In an era of evidence-based practice (EBP), it is becoming increasingly important to distinguish the quality of research studies and synthesize results so they can be applied to clinical practice. Thus, in an attempt to categorize research and amalgamate results, scholars have developed various hierarchical levels of evidence to differentiate research implications. However, these levels of evidence have not yet been applied to the psychiatric music therapy literature base. The purpose of this paper was to discuss and identify the levels of evidence and apply well-established levels of evidence to the psychiatric music therapy literature base. Results indicated a lack of randomized controlled trials and overall low level of evidence. Further, regardless of taxonomy applied, most studies met criteria for the lowest level of evidence. This finding is congruent with the levels of evidence of other well-established psychosocial treatments for psychiatric consumers. Limitations, generalizations, and implications for research and clinical practice are provided.

Lancashire Care staff can request the full-text of this paper, email: susan.jennings@lancashirecare.nhs.uk

Impact of substance use on the physical health of patients with bipolar disorder

Impact of substance use on the physical health of patients with bipolar disorder, Acta Psychiatrica Scandinavica, 2009

M. P. Garcia-Portilla

Abstract:

Objective: To describe the impact of tobacco, alcohol and cannabis on metabolic profile and cardiovascular risk in bipolar patients.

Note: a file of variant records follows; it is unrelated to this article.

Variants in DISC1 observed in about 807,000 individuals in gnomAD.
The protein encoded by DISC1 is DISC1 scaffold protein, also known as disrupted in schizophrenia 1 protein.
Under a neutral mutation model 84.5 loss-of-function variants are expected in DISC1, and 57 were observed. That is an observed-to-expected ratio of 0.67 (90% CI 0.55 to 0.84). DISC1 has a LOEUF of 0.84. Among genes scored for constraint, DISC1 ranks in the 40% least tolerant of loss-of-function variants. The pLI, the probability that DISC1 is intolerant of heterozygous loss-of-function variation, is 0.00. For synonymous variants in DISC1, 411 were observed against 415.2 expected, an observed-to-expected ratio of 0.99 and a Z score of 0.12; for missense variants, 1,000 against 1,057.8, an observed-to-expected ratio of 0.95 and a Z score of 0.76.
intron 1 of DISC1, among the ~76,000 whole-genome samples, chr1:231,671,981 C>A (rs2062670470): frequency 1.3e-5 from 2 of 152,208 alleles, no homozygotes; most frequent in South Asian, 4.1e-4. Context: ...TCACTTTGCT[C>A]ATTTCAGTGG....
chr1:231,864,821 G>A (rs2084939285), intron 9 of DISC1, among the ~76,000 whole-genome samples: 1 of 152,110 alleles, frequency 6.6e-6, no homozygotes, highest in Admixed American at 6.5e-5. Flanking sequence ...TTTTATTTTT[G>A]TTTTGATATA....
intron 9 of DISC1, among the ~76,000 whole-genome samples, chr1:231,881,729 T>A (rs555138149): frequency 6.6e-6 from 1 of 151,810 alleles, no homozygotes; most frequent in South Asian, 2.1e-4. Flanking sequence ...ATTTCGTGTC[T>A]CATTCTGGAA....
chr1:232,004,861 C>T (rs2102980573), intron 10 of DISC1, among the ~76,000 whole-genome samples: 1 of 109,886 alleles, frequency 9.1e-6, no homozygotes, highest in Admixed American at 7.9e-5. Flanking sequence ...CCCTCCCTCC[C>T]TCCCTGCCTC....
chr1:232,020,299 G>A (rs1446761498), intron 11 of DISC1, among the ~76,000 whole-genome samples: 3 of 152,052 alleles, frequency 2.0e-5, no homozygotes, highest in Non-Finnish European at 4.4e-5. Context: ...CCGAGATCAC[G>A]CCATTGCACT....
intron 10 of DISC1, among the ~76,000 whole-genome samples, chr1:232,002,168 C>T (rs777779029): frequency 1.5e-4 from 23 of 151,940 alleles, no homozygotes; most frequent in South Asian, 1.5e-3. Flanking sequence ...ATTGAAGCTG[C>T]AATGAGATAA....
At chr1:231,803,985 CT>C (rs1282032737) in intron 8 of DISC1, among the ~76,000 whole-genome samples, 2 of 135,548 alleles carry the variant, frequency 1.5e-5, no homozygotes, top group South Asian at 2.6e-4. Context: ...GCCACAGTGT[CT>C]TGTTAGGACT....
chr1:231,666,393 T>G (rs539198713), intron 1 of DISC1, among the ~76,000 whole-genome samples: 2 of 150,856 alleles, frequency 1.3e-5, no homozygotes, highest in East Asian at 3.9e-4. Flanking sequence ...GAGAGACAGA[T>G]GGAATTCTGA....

Method: Naturalistic, cross-sectional, multicenter Spanish study. Current use of tobacco, alcohol and cannabis was determined based on patient self-reports. Metabolic syndrome was defined using the National Health and Nutrition Examination Survey 1999–2000 and the American Heart Association/National Heart, Lung and Blood Institute criteria, and cardiovascular risk using the Framingham and the Systematic Coronary Risk Evaluation functions.

Results: Mean age was 46.6 years, 49% were male. Substance use: 51% tobacco, 13% alcohol and 12.5% cannabis. Patients who reported consuming any substance were significantly younger and a higher proportion was male. After controlling for confounding factors, tobacco was a risk factor for coronary heart disease (CHD) (unstandardized linear regression coefficient 3.47, 95% confidence interval 1.85–5.10).

Conclusion: Substance use, mainly tobacco, was common in bipolar patients. Tobacco use negatively impacted CHD risk.

Lancashire Care staff can request the full-text of this paper, email: susan.jennings@lancashirecare.nhs.uk

The contribution of active medication to combined treatments of psychotherapy and pharmacotherapy for adult depression: a meta-analysis

The contribution of active medication to combined treatments of psychotherapy and pharmacotherapy for adult depression: a meta-analysis , Acta Psychiatrica Scandinavica, 2009

P. Cuijpers, A. van Straten, S. D. Hollon, G. Andersson

Abstract:

Objective: Although there is sufficient evidence that combined treatments of psychotherapy and pharmacotherapy are more effective for depression in adults than each of the treatments alone, it remains unclear what the exact contribution of active medication is to the overall effects of combined treatments. This paper examines the contribution of active medication to combined psychotherapy and pharmacotherapy treatments.

Method: Meta-analysis of randomised controlled trials comparing the combination of psychotherapy and pharmacotherapy with the combination of psychotherapy and placebo.

Results: Sixteen identified studies involving 852 patients met our inclusion criteria. The standardised mean difference indicating the differences between the combination of psychotherapy and pharmacotherapy and the combination of psychotherapy and placebo was 0.25 (95% CI: 0.03–0.46), which corresponds to a numbers-needed-to-be-treated of 7.14. No significant differences between subgroups of studies were found.

Conclusion: Active medication has a small but significant contribution to the overall efficacy of combined treatments.

Lancashire Care staff can request the full-text of this paper, email: susan.jennings@lancashirecare.nhs.uk